“No human is on this planet for very long,” he told the students. “If you harbor anger and resentment (against others) you pay double,” said Roberts, “because the person you hate won’t contribute a thing.”

Roberts pleaded with students to fully understand that it was a “choice” whether to respond to bullying, racism or other challenges they will encounter in life. “You will have an opportunity to choose how you respond” to those situations, he said. “Never be angry at other people for being who THEY are.”

“What other people say about you is THEIR business, not yours,” said Roberts. He told the students that when or if they respond to foolish things like “yo mamma jokes,” it amounts to “signing a social contract saying stupid belongs to me.”

Don’t do it, he warned. “Get on with it, forgive them, move on, and become a functioning citizen of society.”

Also, he strongly urged students to be brave and not take conventional wisdom as truth. “Take the time and make the effort to get to the primary source of knowledge,” he pleaded with them. “Do the hard work to ferret out the truth,” he said. “Do not take anyone else’s word because what we’re doing now is not healthy.”

He used an example of how sheep, being led in a flock, will jump unnecessarily to navigate an obstacle if they see the leader doing it.

Being blunt, Roberts said “the biggest thing we own is a storehouse of ignorance” about facts. “How much one knows,” he said, “provides access to options” which he said is the basis of intelligence.

Even when someone asked him about the n-word, Roberts blurted it out, saying that generally, people who use that word and words like it have “access to fewer (vocabulary) options.” He told the students if they want to “live up to your human potential” to increase their vocabularies.

“Master the language and omit words that do not contribute to the understanding of things that matter,” he said.

More specifically, with his tongue squarely in cheek, he urged the students to refrain from the use of the word “like,” a word that he says carries so much “freight.” He wondered why “young people have no respect for language.” Enhancing knowledge and vocabulary will greatly benefit students for the rest of their lives, he told them. Roberts said as a teenager, he often carried a dictionary under his arm. “I was a nerd,” said Roberts, “but I wanted to be the Chief nerd.”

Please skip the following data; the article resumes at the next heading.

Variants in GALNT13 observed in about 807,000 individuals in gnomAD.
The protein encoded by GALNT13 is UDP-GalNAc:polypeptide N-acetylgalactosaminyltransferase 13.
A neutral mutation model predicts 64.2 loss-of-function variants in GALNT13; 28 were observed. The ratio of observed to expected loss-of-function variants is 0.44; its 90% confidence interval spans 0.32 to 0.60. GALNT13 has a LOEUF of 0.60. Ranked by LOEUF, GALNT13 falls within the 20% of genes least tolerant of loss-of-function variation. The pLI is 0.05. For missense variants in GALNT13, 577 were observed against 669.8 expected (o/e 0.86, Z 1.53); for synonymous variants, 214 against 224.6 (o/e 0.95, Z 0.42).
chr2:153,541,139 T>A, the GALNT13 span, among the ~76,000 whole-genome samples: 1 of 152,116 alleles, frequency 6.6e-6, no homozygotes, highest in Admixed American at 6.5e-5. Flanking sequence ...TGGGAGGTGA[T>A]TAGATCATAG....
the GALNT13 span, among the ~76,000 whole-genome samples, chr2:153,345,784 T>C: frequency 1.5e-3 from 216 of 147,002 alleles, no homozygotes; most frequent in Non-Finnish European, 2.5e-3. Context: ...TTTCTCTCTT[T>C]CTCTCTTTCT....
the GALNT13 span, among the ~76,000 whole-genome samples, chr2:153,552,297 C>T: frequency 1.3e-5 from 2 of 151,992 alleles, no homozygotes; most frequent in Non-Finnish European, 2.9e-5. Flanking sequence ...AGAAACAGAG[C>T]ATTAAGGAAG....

Having the power of knowledge will provide students opportunities, throughout their lives, to resist making guttural responses from the limbic system (emotions) and instead, having them made from the cerebral (thinking, rational) area.

“We live in a collective,” said Roberts, noting that “we come into the world connected (via an umbilical cord) to another human. Forgive the haters,” he said, and “think for yourselves.”

“We have to learn how to live with one another and make sense of what we call life. “We’re all playing parts in this human drama,” said Roberts, advising students that their upcoming lives will be much more fulfilled if they equip themselves with, what he called, “tools for life.”

“For me, it was very inspirational,” said Los Al student Tina Arai. “I think he was really persuasive, and it really hit home for me.”

Alex Arai, her brother, also a student, called the lecture “very insightful.” Roberts impressed on him what could happen “if we don’t learn to change.”

For Jack Dagerman, another Los Al student, said he was shocked at the pictures of people “yelling at the Little Rock 9 trying to enter the school for the first time. He said it was sad that many of the issues then, “were still around. It’s surprising,” he said, “but I’m glad he came.”